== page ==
Author: Saul Eslake, Chief Economist, ANZ Banking Group
After committing Australia to support the G20 goal of opening world markets, a commitment re-affirmed by Trade Minister Crean last week in Peru, Prime Minister Rudd has returned home to consider his government’s response to the Mortimer review of our own trade policy.
The G20 objective is just that—an objective. It will only become more if a way to implement it can be introduced into the WTO.
The document prepared with our two New Zealand colleagues explained why the Mortimer review does not help Prime Minister Rudd meet his commitment to support the WTO. It has the same relevance for the G20 objective. Any strategy to restore progress in the multilateral system must provide a basis for reducing the conflict, so evident in the Doha Round, between the two separate processes involved in multilateral trade reform.
Author: Suiwah Leung
After Pakistan and Sri Lanka, Vietnam is reported to be the third country in Asia at risk of a credit-rating downgrade by Standard & Poor as global recession deepens, and the country’s banking system is cited as being the major concern. In May this year, Standard & Poor lowered Vietnam’s BB long-term foreign currency ratings outlook to negative as macroeconomic turbulence intensified. Since then, tight monetary and fiscal policies, as well as administrative measures and falling world demand, have managed to cool the overheating of the economy, but now, the country’s banking system is coming under scrutiny.
From a situation where the banking system was overwhelmingly dominated by a few state-owned commercial banks, Vietnam’s banking sector has diversified quite rapidly. Currently, Vietnam has four major state-owned commercial banks (plus a fifth, smaller one) which control around 55 per cent of banking sector assets; 37 joint stock banks occupying another 30 per cent of the market share, with the remaining 15 per cent spread amongst 37 foreign bank branches and five joint-venture banks. Whilst credit growth last year amongst the state-owned commercial banks was relatively modest (a little over 20 per cent), credit growth amongst the joint stock banks reached almost 100 per cent, raising concerns about credit quality.
Author: Tobias Harris
Prime Minister Aso Taro is in Peru for this year’s APEC summit, a summit that will undoubtedly be an even greater exercise in futility than usual.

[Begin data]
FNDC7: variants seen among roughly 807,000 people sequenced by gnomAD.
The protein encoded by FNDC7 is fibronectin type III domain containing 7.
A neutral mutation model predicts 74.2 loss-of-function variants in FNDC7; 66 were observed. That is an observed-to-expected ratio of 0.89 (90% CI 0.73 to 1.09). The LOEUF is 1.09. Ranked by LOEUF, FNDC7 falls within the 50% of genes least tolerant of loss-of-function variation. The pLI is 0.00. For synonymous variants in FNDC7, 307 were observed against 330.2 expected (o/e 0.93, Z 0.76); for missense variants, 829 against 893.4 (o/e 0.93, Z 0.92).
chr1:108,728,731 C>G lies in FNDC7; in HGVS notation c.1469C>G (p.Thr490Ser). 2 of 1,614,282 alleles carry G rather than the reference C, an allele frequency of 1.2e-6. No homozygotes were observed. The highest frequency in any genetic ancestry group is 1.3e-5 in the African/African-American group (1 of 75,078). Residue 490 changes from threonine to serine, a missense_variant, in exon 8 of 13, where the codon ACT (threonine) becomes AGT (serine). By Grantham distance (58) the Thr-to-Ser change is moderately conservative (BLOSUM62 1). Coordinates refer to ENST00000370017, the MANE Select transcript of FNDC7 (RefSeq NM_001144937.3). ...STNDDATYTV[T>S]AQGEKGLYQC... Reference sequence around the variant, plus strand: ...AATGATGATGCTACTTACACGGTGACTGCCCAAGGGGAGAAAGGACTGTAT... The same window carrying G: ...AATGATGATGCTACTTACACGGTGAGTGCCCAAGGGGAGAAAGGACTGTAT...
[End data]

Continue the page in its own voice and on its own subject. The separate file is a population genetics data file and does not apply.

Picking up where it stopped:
At home, his administration is faltering.
He is under fire from within the LDP for recent gaffes. (It was only a matter of time before Mr. Aso talked without thinking.) The most politically costly gaffe may prove to be his remark that many doctors lack “common sense.” Masuzoe Yoichi, the health, labor, and welfare minister, admonished his prime minister to stay on message, as he has struggled to make the case for the LDP’s efforts to fix medical care for the elderly. Mr. Masuzoe is not alone in criticizing the prime minister. Oshima Tadamori, the LDP’s Diet strategy chairman, cautioned the prime minister to “be careful with his words.” More significantly, Karasawa Yoshihito, the chairman of the Japan Medical Association, called upon Mr. Aso to take back his remark and apologize. Chairman Karasawa’s remarks are indicative of a growing rift between the LDP and the JMA, a longtime supporter of the LDP. While the JMA may no longer wield the clout it once did — as Gerald Curtis noted — the JMA can damage the LDP simply by making a public show of breaking with the ruling party. The Ibaraki prefectural medical association has already announced that it will endorse DPJ candidates in the next general election to protest the new eldercare system. How many more will follow Ibaraki’s lead after Mr. Aso’s remarks?
More significantly, Mr. Aso may be facing a wider rebellion within the LDP on matters of policy.
Author: Peter Drysdale
Japan’s muddle over the economic policy strategy is a teddy bear’s picnic compared to the muddle over where security policy might go, especially with the election of the new Administration in Washington.
As Obama prepares to take over, policy makers in Japan are thinking about how to extend and reinforce the Japan-US strategic relationship. Over the past decade, Japan has taken steps to upgrade and stabilize the security relationship. Yukio Okamoto, one of Japan’s most respected independent security analysts, lists the expanded role for the Self Defence Forces (SDF) in the fight against terrorism; the acquisition of sea and air assets making it possible for the SDF to conduct operations at a distance from the Japanese islands; increased SDF participation in multilateral security efforts (such as the Proliferation Security Initiative); and the introduction of the hardware and software necessary for integrated launch-phase and descent-phase ballistic missile defence.